Everythng is changing.  He compared the photos of the Papal announcements of the last two Popes.  In the newer one, everyone effectively has a computer in his hand.

A Model for thinking about the health center.  Not like a hospital, but like a home.  Clusters of rooms with the focus being the kitchen, not the nursing station.  Breakfast when you want it, and what you want.  Do what you want with your time on your schedule.  Put people back in charge of their own lives.

“Think inside the box, be aware of constraints.  Innovation is where where passion meets constraints. Those constraints can be regulatory, financial, cultural, etc.  Use the constraints as your pivot to vision, mot to limit but to be realistic.

More varied inter-generational activity.  The usual inter-generational idea is a preschool.  But Gardenspot had a constraint.  There was already a great preschool.  Instead they build a kid-grandparent camp, to which kids come and stay with their relatives for a week.  The staff volunteer to help.  The project has no budget, yet builds connections between adults and grandchildren that empower all

Beyond Monochromatic.  The challenge is how to connect with other cultures. Through the Mennonite Central Committee, Garden spot created an international internship program in which your people come from all over the world for a year to work .

Think Big – Act small.  Its important to know that it is OK to fail, so do things in fail-able ways – i.e. that you can recover and take a new approach, rather than get seriously damaged.

Curate to create.  Gardenspot encourages everyone, whenever they see anything that impresses or inspires them to take and share a quick photo.  Their public space is inspired by a hotel lobby designed to serve as a community center — not just for the retirement group, but for the county community as a whole.  Being welcome to outsiders is transformative.  (We could use the website or the discussion list to do this.)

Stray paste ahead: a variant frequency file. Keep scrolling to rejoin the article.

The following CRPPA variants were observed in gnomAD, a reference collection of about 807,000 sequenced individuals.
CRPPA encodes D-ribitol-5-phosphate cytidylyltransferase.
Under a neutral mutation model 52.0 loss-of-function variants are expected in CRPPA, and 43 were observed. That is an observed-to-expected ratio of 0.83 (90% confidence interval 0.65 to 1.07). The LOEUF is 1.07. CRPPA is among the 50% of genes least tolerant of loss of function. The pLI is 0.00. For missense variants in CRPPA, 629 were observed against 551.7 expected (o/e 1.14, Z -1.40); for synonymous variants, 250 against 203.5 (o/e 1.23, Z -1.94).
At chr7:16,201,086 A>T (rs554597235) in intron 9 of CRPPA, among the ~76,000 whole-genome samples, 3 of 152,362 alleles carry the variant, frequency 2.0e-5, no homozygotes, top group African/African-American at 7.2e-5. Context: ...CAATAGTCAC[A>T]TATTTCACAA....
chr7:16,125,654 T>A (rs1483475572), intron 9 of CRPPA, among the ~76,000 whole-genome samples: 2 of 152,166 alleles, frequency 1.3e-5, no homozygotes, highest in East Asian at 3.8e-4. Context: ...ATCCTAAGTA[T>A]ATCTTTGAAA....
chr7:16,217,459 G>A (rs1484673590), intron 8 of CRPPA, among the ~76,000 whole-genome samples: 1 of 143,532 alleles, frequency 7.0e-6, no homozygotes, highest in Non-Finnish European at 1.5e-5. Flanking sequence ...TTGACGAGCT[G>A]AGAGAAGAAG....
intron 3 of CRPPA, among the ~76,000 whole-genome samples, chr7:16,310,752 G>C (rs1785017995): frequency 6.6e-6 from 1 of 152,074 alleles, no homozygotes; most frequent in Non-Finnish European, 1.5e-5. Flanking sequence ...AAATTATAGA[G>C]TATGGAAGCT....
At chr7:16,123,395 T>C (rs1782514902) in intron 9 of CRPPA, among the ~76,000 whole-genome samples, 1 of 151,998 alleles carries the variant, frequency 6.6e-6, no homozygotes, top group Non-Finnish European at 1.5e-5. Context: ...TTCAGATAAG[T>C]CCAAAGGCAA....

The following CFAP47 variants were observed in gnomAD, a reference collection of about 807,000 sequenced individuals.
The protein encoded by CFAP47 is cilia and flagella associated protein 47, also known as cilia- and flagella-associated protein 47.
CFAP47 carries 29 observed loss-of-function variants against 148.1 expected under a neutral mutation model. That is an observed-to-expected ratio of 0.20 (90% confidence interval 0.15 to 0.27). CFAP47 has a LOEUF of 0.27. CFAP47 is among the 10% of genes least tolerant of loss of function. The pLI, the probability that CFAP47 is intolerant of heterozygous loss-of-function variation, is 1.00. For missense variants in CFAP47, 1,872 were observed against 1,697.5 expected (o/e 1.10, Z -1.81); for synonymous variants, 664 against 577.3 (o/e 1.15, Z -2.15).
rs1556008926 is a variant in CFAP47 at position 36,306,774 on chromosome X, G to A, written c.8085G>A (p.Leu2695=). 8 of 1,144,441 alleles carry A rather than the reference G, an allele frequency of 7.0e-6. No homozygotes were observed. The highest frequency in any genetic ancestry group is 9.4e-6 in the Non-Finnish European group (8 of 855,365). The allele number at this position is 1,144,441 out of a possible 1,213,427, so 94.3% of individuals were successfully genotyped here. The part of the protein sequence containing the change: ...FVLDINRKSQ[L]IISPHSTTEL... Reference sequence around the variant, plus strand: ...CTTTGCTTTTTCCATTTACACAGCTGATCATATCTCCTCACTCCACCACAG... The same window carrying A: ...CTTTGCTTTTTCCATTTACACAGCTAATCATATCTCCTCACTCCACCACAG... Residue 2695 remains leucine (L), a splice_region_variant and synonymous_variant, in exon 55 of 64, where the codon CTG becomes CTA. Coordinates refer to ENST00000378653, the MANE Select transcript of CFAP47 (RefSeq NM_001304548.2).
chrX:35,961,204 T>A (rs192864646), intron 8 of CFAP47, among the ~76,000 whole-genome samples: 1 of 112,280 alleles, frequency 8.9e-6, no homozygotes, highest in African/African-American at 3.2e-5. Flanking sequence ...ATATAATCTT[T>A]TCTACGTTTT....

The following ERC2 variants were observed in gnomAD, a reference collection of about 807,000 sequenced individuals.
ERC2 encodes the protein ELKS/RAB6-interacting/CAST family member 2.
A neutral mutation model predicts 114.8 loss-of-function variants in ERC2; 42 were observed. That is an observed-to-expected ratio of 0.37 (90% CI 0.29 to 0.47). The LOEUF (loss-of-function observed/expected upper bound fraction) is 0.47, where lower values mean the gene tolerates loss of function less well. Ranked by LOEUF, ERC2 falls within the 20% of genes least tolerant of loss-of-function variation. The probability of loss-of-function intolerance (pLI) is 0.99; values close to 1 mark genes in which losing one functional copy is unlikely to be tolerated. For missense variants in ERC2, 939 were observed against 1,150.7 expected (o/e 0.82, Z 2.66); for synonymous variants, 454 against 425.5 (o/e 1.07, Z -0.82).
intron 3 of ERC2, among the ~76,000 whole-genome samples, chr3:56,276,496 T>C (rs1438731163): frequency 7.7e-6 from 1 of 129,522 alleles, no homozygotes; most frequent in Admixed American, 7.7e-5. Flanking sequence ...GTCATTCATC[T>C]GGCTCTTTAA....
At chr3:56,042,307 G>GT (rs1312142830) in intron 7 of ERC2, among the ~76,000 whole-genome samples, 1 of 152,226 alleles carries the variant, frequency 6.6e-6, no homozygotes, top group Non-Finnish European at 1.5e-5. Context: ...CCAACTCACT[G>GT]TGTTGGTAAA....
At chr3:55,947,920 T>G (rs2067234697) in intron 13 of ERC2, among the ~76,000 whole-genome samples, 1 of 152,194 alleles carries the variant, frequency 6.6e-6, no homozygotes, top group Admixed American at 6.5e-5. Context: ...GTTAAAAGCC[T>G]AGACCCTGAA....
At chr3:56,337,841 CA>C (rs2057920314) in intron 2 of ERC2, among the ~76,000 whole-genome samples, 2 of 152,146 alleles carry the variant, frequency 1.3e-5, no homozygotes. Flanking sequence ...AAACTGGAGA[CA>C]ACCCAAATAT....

“Good artists copy, great artists steal.”  Picasso.

Local is the New Organic.  Gardenspot has their own hdyophonic greenhouse, inspired by one in Zambia,  and by EPCOT.

We are in Post demographic society. Peoples’ preferences are no longer driven by their demographics.  People want huge variety in dining, and not only in food, but also in environments.  In dining, people also want booths, private conversation capacity, and a community table that becomes the center of the party.

A Culture of Innovation.  Every community has a culture. We need Culture of Innovation. One that is flexible, takes risks, is tolerant of failure, and always awake to possibility.

 Favorite Photo.  A 101 year old Mennonite resident banging in nails to help build a pre-made home that can be moved in components to disaster areas.

Activism driven by vision and purpose. At our age, others do the chores, we have purpose.  They are engaged in local and statewide politics, have person on the Governor’s Council on Ageing, a part of the watershed restoration group, and so on.  Let teams develop organically from residents own interests and drive.

Need a process to develop ideas and innovations.  This needs to be fluid.  There is a director’s conversation opportunity every other week to which everyone can come to get answers to questions and make suggestions.